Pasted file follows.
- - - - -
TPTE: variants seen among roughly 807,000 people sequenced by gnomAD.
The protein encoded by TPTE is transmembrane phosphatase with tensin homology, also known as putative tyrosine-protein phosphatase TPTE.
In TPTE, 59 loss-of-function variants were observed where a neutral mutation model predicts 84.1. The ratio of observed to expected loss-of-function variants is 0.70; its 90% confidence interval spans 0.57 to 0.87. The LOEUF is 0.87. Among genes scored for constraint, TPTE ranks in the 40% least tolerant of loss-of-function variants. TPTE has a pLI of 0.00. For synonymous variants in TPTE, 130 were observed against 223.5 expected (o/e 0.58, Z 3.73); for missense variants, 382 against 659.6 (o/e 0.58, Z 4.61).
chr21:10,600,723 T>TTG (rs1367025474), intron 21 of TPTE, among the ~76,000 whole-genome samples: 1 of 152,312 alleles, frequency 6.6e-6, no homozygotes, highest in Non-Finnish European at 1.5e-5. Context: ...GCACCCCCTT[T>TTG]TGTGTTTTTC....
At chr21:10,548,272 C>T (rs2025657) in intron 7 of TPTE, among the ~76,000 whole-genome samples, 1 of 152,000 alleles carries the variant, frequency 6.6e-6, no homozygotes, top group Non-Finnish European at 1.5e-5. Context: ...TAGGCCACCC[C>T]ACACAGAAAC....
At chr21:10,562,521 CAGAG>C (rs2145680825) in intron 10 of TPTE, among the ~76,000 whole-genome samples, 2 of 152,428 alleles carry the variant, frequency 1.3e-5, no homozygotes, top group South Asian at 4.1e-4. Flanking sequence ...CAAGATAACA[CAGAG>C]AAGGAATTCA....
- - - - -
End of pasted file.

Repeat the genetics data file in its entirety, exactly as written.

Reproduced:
TPTE: variants seen among roughly 807,000 people sequenced by gnomAD.
The protein encoded by TPTE is transmembrane phosphatase with tensin homology, also known as putative tyrosine-protein phosphatase TPTE.
In TPTE, 59 loss-of-function variants were observed where a neutral mutation model predicts 84.1. The ratio of observed to expected loss-of-function variants is 0.70; its 90% confidence interval spans 0.57 to 0.87. The LOEUF is 0.87. Among genes scored for constraint, TPTE ranks in the 40% least tolerant of loss-of-function variants. TPTE has a pLI of 0.00. For synonymous variants in TPTE, 130 were observed against 223.5 expected (o/e 0.58, Z 3.73); for missense variants, 382 against 659.6 (o/e 0.58, Z 4.61).
chr21:10,600,723 T>TTG (rs1367025474), intron 21 of TPTE, among the ~76,000 whole-genome samples: 1 of 152,312 alleles, frequency 6.6e-6, no homozygotes, highest in Non-Finnish European at 1.5e-5. Context: ...GCACCCCCTT[T>TTG]TGTGTTTTTC....
At chr21:10,548,272 C>T (rs2025657) in intron 7 of TPTE, among the ~76,000 whole-genome samples, 1 of 152,000 alleles carries the variant, frequency 6.6e-6, no homozygotes, top group Non-Finnish European at 1.5e-5. Context: ...TAGGCCACCC[C>T]ACACAGAAAC....
At chr21:10,562,521 CAGAG>C (rs2145680825) in intron 10 of TPTE, among the ~76,000 whole-genome samples, 2 of 152,428 alleles carry the variant, frequency 1.3e-5, no homozygotes, top group South Asian at 4.1e-4. Flanking sequence ...CAAGATAACA[CAGAG>C]AAGGAATTCA....